In-molded capacitive sensors

- Synaptics, Inc.

In a method for forming an in-molded capacitive sensing device a plastic film is provided, the plastic film comprising a first side and a second side. A capacitive sensor pattern is disposed on at least a portion of the second side, the capacitive sensor pattern including a region for facilitating electrical contact. A resin layer is printed over a portion of the capacitive sensor pattern such that access to the region for facilitating electrical contact is maintained. A plastic layer is injection molded onto a portion of the resin layer such that the capacitive sensor pattern becomes in-molded between the plastic film and the plastic layer while access to the region for facilitating electrical contact is maintained.

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Description

BACKGROUND

Capacitive sensing devices, otherwise known as touch sensing devices or proximity sensors are widely used in modern electronic devices/apparatus. A capacitive sensing device is often used for touch based navigation, selection, or other input, in response to a finger, stylus, or other object being placed on or in proximity to a sensor of the capacitive sensing device. In such a capacity, capacitive sensing devices are often employed in computers (e.g. notebook/laptop computers), touch screens, media players, multi-media devices, remote controls, personal digital assistants, smart devices, telephones, control consoles, and the like.

In many of these instances, a capacitive sensor is coupled with a surface that is manufactured separately from the capacitive sensor. That is, the capacitive sensor is added after-the-fact to a previously manufactured surface. Adding capacitive sensors to surfaces, and particularly to surfaces with complex shapes, is challenging and often involves numerous manufacturing steps. Often the end result, particularly in the case of surfaces with complex shapes such as compound curves, is that a capacitive sensor is restricted to being located in only a limited portion of the surface. In other instances, the thickness or shape of a surface to which a capacitive sensor is coupled can limit the effectiveness of the capacitive sensor. For instance, conventional techniques of coupling a capacitive sensor with a surface often complicate user access to and interaction with the capacitive sensor, or a portion thereof, due to the shape and/or thickness of a portion of the surface. Similarly, in conventional techniques of coupling a capacitive sensor with a surface, the sensing capability of the capacitive sensor, or a portion thereof, can be altered or disrupted by the shape and/or thickness of a portion of the surface. For example, a conventional capacitive sensor installed in conjunction with a curved surface may not uniformly sense inputs at certain portions due to the varying shape and/or thickness of the surface causing non-uniform user access the sensor.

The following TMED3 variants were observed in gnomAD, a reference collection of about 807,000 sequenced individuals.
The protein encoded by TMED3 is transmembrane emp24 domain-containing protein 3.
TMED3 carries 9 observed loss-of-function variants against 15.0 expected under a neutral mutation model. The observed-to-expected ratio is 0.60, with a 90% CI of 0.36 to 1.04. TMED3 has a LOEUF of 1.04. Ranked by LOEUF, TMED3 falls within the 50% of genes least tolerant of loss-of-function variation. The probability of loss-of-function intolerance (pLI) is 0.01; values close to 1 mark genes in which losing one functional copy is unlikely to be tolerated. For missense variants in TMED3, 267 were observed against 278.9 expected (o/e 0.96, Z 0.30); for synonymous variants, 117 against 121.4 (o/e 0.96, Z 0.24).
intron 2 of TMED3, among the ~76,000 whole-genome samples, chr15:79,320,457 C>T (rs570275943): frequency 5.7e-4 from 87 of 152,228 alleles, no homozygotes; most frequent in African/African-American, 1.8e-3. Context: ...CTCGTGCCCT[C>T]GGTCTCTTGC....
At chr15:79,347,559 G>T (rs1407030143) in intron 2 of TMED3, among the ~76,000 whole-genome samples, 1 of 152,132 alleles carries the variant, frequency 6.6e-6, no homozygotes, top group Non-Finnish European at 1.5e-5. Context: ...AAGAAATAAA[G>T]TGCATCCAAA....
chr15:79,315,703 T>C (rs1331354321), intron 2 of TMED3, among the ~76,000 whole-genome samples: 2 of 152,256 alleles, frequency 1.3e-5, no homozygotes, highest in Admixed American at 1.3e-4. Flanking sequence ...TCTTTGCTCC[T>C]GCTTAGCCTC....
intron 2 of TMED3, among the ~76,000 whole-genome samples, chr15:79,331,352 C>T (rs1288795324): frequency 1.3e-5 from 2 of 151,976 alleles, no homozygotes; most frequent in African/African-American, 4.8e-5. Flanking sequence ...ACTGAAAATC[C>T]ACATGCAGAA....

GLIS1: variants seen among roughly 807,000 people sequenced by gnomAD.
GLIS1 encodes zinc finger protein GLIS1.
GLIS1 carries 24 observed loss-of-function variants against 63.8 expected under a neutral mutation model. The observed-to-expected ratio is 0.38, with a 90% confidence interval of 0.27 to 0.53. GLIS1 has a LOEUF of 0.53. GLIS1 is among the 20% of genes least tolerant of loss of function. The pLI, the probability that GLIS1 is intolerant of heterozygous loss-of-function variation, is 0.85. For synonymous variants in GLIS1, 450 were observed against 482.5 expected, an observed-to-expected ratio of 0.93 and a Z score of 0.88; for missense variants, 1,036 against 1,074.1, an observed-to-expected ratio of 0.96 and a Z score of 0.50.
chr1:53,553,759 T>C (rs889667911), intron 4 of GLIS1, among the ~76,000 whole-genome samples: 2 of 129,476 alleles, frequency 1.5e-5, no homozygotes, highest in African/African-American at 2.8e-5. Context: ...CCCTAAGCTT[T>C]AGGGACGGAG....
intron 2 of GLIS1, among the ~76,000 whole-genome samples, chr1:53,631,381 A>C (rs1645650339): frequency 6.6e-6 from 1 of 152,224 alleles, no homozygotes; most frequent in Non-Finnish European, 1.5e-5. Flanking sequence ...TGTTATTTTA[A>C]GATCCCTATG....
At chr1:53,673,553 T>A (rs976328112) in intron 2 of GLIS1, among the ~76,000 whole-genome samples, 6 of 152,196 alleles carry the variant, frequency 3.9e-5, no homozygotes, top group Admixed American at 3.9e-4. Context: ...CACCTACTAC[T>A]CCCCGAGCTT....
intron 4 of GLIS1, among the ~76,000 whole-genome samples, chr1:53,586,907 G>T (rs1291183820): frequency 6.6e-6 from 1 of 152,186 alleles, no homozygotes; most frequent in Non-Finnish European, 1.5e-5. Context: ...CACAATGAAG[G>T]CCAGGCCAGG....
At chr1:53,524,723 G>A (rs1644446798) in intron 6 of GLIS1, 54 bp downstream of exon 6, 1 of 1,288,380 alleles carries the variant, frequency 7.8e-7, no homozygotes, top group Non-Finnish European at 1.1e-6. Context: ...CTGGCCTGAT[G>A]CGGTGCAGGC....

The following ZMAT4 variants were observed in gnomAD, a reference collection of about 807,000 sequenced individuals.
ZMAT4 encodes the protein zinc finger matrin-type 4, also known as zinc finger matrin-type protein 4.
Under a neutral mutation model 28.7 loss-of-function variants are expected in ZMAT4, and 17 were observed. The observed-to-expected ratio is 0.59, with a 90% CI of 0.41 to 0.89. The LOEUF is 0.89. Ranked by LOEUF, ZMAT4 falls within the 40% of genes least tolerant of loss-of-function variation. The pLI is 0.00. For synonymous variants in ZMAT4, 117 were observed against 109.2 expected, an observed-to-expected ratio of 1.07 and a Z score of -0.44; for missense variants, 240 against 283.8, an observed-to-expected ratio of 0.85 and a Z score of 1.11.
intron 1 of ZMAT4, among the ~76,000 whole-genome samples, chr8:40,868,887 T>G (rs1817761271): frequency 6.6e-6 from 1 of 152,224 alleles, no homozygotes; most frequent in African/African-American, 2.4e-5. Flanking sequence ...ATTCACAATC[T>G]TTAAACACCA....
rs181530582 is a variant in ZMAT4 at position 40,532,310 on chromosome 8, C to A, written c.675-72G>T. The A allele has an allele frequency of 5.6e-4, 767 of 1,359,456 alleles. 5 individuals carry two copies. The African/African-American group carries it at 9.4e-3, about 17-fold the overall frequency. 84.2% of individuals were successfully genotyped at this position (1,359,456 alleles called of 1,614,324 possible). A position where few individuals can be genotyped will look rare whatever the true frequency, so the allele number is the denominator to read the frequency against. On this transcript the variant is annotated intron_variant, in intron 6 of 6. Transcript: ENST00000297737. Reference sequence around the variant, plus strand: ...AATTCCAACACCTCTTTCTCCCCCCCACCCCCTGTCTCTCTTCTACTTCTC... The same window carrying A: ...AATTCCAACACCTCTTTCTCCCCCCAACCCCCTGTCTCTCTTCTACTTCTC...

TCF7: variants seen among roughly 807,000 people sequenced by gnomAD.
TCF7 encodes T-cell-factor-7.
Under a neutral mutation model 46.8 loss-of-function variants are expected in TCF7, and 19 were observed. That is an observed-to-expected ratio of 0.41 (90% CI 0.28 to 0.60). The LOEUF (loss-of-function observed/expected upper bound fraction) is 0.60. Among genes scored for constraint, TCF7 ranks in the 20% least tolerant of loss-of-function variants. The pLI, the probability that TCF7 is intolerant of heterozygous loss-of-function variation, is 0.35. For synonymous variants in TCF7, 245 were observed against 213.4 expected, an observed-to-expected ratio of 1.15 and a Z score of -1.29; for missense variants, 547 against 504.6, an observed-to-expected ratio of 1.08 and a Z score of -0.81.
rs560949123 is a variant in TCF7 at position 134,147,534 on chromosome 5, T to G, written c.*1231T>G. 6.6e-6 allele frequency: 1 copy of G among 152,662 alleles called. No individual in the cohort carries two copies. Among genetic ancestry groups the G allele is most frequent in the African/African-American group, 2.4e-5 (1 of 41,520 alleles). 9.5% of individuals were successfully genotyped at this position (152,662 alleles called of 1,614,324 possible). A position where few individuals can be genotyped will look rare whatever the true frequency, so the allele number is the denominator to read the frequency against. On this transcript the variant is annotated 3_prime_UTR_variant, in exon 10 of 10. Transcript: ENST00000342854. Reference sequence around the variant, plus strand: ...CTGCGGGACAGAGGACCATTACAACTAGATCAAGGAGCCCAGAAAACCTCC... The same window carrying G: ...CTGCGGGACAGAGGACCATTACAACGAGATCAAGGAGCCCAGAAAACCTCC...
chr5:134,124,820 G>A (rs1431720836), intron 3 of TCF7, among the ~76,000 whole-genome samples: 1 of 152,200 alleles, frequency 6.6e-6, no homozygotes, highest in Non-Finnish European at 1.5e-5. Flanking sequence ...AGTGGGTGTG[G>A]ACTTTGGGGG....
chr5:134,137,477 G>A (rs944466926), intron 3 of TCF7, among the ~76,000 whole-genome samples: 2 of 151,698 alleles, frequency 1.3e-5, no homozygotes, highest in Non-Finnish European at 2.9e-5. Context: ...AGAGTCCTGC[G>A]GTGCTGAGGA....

SUMMARY

In a method for forming an in-molded capacitive sensing device a plastic film is provided, the plastic film comprising a first side and a second side. A capacitive sensor pattern is disposed on at least a portion of the second side, the capacitive sensor pattern including a region for facilitating electrical contact. A resin layer is printed over a portion of the capacitive sensor pattern such that access to the region for facilitating electrical contact is maintained. A plastic layer is injection molded onto a portion of the resin layer such that the capacitive sensor pattern becomes in-molded between the plastic film and the plastic layer while access to the region for facilitating electrical contact is maintained.

BRIEF DESCRIPTION OF THE DRAWINGS